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Indigo Tunnel

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  • September 05, 2014

Where History, Recreation and Conservation Collide

By Ranger Taylor

I never thought as a cultural resources intern working in the National Park Service, I would be very interested in an old railroad tunnel. That was before I learned about Indigo Tunnel.

The C&O Canal National Historical Park has three main emphases written into its enabling legislation— preservation and interpretation of the historical resources, protection of natural resources, and providing recreational opportunities for visitors. Occasionally these three conflict and park management has to make tough decisions.

Let's start with the historical significance of the Indigo Tunnel. All you have to do is travel the canal upstream and the rivalry between the C&O Canal and the railroads becomes strikingly clear. Starting at Point of Rocks, Maryland, the two forms of transportation run side-by-side for most of the 136 miles to Cumberland. One of the few places where these two lines diverge is at High Germany Hill near Fifteen Mile Creek. Here, the Western Maryland Railway constructed a tunnel through the mountain in order to cut off a large bend in the river. This tunnel, known as Indigo Tunnel, is 4,350 feet long and eliminates over a mile of track had the railroad continued to parallel the river. The Indigo Tunnel is the longest such tunnel on this route. For comparison, the Paw Paw Tunnel is only 3,118 feet long.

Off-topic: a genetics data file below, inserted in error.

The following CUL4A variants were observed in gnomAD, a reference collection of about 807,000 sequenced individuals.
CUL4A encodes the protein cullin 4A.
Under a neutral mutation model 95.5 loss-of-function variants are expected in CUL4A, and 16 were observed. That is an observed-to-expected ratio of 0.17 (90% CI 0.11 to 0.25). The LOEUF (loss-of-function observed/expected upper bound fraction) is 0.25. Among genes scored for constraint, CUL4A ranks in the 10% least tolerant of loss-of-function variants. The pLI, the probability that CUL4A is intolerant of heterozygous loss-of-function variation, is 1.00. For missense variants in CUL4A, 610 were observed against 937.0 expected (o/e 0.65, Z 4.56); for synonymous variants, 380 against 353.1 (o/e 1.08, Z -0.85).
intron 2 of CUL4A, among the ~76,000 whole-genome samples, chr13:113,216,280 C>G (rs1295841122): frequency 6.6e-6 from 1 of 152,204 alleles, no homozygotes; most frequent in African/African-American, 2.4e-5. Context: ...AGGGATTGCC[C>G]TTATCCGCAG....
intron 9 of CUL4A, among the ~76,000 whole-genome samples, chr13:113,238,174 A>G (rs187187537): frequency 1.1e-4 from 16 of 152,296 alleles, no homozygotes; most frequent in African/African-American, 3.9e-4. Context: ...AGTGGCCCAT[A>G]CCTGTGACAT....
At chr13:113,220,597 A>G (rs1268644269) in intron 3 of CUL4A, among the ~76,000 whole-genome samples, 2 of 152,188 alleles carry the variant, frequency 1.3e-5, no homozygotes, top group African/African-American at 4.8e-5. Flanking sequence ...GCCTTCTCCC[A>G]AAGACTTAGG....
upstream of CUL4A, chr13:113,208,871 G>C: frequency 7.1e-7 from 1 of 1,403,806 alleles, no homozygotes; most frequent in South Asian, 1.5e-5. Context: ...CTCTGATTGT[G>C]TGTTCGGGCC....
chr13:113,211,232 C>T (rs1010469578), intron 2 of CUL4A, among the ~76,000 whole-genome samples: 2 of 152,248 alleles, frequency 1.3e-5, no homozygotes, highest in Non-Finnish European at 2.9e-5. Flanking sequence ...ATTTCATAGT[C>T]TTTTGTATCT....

Indigo Tunnel provided an important transport route for the Western Maryland railroad until the company abandoned the line in 1975 after merging with the C&O and B&O railroads. The park acquired the tunnel in 1980.

Eight different species of bat now call the Indigo Tunnel "home," including the Maryland state endangered small-footed myotis and the Federally endangered Indiana bat. The Indigo Tunnel has been identified by Maryland Department of Natural Resources as one of the largest bat hibernacula in the state. Each of these bats during the summer can eat over a thousand insects an hour. In fact, bats provide up to $53 billion worth of ecosystem services to the agricultural industry from the pest control they provide.

In some areas, bats and human activities can easily coexist. However, bat populations in the United States have been on the decline since the disease known as White Nose Syndrome (WNS) was discovered in New York. WNS is a fungal disease that has been rapidly spreading among hibernating bat colonies throughout the eastern United States and decimating the bat population. This fungus can be spread by both people and other bats.

For this reason, the park has placed metal gates at each portal of the Indigo Tunnel. Although we know many people would like to gain access to the tunnel for recreational reasons, the plight of the bats must take precedence at this time. We are asking that everyone obey the signs and help us prevent the spread of White Nose Syndrome.